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Subject: Re: [boost] [multiprecision] Radix-2 typedef naming convention
From: Paul A. Bristow (pbristow_at_[hidden])
Date: 2013-11-01 09:04:31

> -----Original Message-----
> From: Boost [mailto:boost-bounces_at_[hidden]] On Behalf Of John Maddock
> Sent: Friday, November 01, 2013 12:15 PM
> To: boost_at_[hidden]
> Subject: Re: [boost] [multiprecision] Radix-2 typedef naming convention
> >> In John's new radix-2 MP back end, names are used for common types
> >> such as:
> >>
> >> float24_t, float53_t, float113_t.
> >>
> >> In our proposal for floating-point typedef's having specified widths,
> >> we use names such as:
> >>
> >> float32_t, float64_t, float128_t.
> >> Both conventions make sense in sensible ways.
> >> But only one naming convention should be used, and it should be used
> >> consistently.
> >>
> >> Which one will it be?
> Good point.
> > I think float32_t, float64_t, float128_t are better since they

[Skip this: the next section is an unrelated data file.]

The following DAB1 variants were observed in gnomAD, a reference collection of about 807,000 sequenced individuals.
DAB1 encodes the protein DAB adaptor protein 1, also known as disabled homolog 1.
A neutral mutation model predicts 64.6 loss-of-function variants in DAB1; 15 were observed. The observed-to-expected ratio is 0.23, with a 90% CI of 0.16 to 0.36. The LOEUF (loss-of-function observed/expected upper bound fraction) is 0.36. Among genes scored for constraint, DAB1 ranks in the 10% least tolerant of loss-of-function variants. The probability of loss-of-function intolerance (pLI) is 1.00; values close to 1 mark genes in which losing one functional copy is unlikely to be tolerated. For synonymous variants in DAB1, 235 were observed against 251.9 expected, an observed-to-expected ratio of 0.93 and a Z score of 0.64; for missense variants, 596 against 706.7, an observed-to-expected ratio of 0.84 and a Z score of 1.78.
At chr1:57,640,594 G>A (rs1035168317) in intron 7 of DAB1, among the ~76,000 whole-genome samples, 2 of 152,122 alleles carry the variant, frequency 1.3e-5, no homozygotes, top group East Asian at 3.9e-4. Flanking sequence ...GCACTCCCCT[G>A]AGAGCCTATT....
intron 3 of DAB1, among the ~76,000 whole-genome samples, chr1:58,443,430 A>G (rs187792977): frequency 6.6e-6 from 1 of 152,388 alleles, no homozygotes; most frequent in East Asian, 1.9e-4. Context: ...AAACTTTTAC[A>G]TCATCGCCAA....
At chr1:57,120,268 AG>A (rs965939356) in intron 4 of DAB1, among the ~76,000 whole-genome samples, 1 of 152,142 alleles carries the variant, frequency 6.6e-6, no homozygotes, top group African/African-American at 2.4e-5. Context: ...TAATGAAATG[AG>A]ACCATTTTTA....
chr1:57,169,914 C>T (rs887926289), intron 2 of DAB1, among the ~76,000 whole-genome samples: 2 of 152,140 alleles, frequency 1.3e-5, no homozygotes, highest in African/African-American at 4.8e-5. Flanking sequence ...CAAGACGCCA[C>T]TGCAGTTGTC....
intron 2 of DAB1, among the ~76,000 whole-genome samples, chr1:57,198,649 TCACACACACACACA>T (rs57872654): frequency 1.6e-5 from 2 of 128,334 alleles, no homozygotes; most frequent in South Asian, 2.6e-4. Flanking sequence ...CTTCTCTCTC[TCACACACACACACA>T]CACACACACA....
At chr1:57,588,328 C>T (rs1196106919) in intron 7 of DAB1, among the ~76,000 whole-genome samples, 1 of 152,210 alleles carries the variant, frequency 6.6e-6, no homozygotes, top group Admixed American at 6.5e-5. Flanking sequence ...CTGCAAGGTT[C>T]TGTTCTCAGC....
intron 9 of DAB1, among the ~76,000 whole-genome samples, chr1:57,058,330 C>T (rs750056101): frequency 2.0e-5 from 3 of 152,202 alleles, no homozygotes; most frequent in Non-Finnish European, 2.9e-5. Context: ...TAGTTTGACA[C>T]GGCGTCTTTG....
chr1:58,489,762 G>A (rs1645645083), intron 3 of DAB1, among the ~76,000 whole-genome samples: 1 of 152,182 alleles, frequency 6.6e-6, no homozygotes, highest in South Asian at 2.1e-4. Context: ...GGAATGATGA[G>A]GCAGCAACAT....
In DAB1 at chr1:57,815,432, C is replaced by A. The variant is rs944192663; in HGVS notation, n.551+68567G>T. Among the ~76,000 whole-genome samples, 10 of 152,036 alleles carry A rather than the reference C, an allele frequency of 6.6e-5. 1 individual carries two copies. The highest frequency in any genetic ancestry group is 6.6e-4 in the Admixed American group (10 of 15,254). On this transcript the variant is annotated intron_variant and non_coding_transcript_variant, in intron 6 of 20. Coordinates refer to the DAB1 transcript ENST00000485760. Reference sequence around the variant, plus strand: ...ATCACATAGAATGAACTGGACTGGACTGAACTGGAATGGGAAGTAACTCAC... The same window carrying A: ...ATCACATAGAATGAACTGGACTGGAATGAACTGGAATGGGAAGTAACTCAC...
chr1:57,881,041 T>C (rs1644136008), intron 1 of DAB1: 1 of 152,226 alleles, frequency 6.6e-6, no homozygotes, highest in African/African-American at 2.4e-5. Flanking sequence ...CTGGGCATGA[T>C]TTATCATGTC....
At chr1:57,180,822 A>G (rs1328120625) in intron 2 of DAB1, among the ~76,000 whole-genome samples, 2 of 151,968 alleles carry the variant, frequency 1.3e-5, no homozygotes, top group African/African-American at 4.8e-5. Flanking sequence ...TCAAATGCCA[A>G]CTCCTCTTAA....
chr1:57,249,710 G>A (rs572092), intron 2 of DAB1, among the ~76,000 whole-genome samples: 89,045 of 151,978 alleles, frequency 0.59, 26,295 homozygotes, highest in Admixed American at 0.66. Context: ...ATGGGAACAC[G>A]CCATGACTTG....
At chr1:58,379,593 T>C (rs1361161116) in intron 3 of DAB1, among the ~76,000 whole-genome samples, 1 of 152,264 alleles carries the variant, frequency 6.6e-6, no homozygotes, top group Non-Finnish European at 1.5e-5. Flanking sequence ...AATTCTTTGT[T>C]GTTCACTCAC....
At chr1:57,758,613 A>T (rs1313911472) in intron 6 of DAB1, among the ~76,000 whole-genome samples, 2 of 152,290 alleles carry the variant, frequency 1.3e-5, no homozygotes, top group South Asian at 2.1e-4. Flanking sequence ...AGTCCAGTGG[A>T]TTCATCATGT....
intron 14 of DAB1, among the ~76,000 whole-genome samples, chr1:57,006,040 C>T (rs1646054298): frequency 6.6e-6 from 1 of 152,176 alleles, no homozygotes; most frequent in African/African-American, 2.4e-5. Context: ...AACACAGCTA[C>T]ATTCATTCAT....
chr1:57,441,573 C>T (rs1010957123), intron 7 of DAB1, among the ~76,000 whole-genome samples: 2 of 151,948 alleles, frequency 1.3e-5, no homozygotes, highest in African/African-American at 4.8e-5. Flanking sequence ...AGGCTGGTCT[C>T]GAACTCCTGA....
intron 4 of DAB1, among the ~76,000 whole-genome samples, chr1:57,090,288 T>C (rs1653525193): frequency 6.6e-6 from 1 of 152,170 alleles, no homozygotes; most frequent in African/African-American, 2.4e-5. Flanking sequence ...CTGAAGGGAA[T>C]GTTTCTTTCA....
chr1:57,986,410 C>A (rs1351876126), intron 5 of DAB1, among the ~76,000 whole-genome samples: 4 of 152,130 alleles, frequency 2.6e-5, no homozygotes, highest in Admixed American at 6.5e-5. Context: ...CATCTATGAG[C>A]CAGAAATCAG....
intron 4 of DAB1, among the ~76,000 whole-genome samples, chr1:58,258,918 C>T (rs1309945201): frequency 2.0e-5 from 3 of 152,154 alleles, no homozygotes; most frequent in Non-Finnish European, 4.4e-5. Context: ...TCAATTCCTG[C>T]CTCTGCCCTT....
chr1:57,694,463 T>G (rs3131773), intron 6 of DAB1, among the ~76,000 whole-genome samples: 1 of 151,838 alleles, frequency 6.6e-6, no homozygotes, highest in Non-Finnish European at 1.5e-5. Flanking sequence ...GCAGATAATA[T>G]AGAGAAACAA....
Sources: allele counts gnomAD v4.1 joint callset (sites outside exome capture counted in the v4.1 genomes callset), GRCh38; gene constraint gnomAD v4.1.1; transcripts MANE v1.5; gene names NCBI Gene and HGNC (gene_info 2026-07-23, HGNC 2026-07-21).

> > describe the size of the type and are aligned with integer typedefs.
> That was my thought, although note that in the case of the Boost.Multiprecision types these are
> emulations of those hardware types and are not actually 32, 64 or 128 bits in size. And evn in
> an 80-bit extended real may actually occupy 128 bits in memory...

I prefer float32_t, float64_t, float128_t

They look like ducks and quack like ducks, so let's allow people to assume they are ducks?

(Of course, they will discover that they are not really ducks when they see the absurdly large
ranges of exponents!)

I have yet to imagine a use for a type that does not use the 24, 53, and 113 significand bits
*named* float32_t, float64_t, float128_t, but another name like float42_t is always available?


Paul A. Bristow,
Prizet Farmhouse, Kendal LA8 8AB  UK
+44 1539 561830  07714330204

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